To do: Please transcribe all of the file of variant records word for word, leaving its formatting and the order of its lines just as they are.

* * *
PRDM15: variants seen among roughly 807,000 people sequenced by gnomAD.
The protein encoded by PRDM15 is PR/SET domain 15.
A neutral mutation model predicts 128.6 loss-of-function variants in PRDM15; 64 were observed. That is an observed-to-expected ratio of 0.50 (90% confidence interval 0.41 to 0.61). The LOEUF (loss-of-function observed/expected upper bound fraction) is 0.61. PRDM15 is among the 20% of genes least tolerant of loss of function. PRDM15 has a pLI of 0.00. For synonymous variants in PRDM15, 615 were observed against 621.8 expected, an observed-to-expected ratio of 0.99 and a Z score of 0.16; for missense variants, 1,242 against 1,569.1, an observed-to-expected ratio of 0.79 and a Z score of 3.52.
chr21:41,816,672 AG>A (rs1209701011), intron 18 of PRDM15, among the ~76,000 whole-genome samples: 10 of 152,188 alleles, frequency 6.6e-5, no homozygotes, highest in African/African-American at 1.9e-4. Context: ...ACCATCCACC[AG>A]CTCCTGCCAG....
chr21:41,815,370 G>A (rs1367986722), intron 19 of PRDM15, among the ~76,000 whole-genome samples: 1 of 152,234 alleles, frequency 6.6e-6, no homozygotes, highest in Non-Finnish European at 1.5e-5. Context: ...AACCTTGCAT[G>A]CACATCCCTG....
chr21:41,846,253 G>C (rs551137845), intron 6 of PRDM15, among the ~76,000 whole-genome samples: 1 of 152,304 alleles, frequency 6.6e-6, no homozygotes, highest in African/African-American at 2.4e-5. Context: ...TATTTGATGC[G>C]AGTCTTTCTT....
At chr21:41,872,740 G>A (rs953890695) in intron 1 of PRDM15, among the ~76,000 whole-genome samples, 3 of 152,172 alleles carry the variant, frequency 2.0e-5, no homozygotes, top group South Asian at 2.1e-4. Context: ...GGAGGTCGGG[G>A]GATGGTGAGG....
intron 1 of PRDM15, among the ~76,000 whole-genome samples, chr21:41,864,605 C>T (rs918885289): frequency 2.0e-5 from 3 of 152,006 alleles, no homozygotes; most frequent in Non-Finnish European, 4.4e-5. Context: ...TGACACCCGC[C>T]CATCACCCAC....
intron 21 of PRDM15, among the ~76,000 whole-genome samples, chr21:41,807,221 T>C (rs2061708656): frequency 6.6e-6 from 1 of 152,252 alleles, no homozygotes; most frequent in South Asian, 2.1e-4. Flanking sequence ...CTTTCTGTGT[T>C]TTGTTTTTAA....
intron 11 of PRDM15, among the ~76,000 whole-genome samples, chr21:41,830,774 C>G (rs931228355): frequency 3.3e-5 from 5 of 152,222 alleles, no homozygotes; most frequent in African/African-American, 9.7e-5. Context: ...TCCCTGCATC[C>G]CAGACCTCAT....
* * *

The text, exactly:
PRDM15: variants seen among roughly 807,000 people sequenced by gnomAD.
The protein encoded by PRDM15 is PR/SET domain 15.
A neutral mutation model predicts 128.6 loss-of-function variants in PRDM15; 64 were observed. That is an observed-to-expected ratio of 0.50 (90% confidence interval 0.41 to 0.61). The LOEUF (loss-of-function observed/expected upper bound fraction) is 0.61. PRDM15 is among the 20% of genes least tolerant of loss of function. PRDM15 has a pLI of 0.00. For synonymous variants in PRDM15, 615 were observed against 621.8 expected, an observed-to-expected ratio of 0.99 and a Z score of 0.16; for missense variants, 1,242 against 1,569.1, an observed-to-expected ratio of 0.79 and a Z score of 3.52.
chr21:41,816,672 AG>A (rs1209701011), intron 18 of PRDM15, among the ~76,000 whole-genome samples: 10 of 152,188 alleles, frequency 6.6e-5, no homozygotes, highest in African/African-American at 1.9e-4. Context: ...ACCATCCACC[AG>A]CTCCTGCCAG....
chr21:41,815,370 G>A (rs1367986722), intron 19 of PRDM15, among the ~76,000 whole-genome samples: 1 of 152,234 alleles, frequency 6.6e-6, no homozygotes, highest in Non-Finnish European at 1.5e-5. Context: ...AACCTTGCAT[G>A]CACATCCCTG....
chr21:41,846,253 G>C (rs551137845), intron 6 of PRDM15, among the ~76,000 whole-genome samples: 1 of 152,304 alleles, frequency 6.6e-6, no homozygotes, highest in African/African-American at 2.4e-5. Context: ...TATTTGATGC[G>C]AGTCTTTCTT....
At chr21:41,872,740 G>A (rs953890695) in intron 1 of PRDM15, among the ~76,000 whole-genome samples, 3 of 152,172 alleles carry the variant, frequency 2.0e-5, no homozygotes, top group South Asian at 2.1e-4. Context: ...GGAGGTCGGG[G>A]GATGGTGAGG....
intron 1 of PRDM15, among the ~76,000 whole-genome samples, chr21:41,864,605 C>T (rs918885289): frequency 2.0e-5 from 3 of 152,006 alleles, no homozygotes; most frequent in Non-Finnish European, 4.4e-5. Context: ...TGACACCCGC[C>T]CATCACCCAC....
intron 21 of PRDM15, among the ~76,000 whole-genome samples, chr21:41,807,221 T>C (rs2061708656): frequency 6.6e-6 from 1 of 152,252 alleles, no homozygotes; most frequent in South Asian, 2.1e-4. Flanking sequence ...CTTTCTGTGT[T>C]TTGTTTTTAA....
intron 11 of PRDM15, among the ~76,000 whole-genome samples, chr21:41,830,774 C>G (rs931228355): frequency 3.3e-5 from 5 of 152,222 alleles, no homozygotes; most frequent in African/African-American, 9.7e-5. Context: ...TCCCTGCATC[C>G]CAGACCTCAT....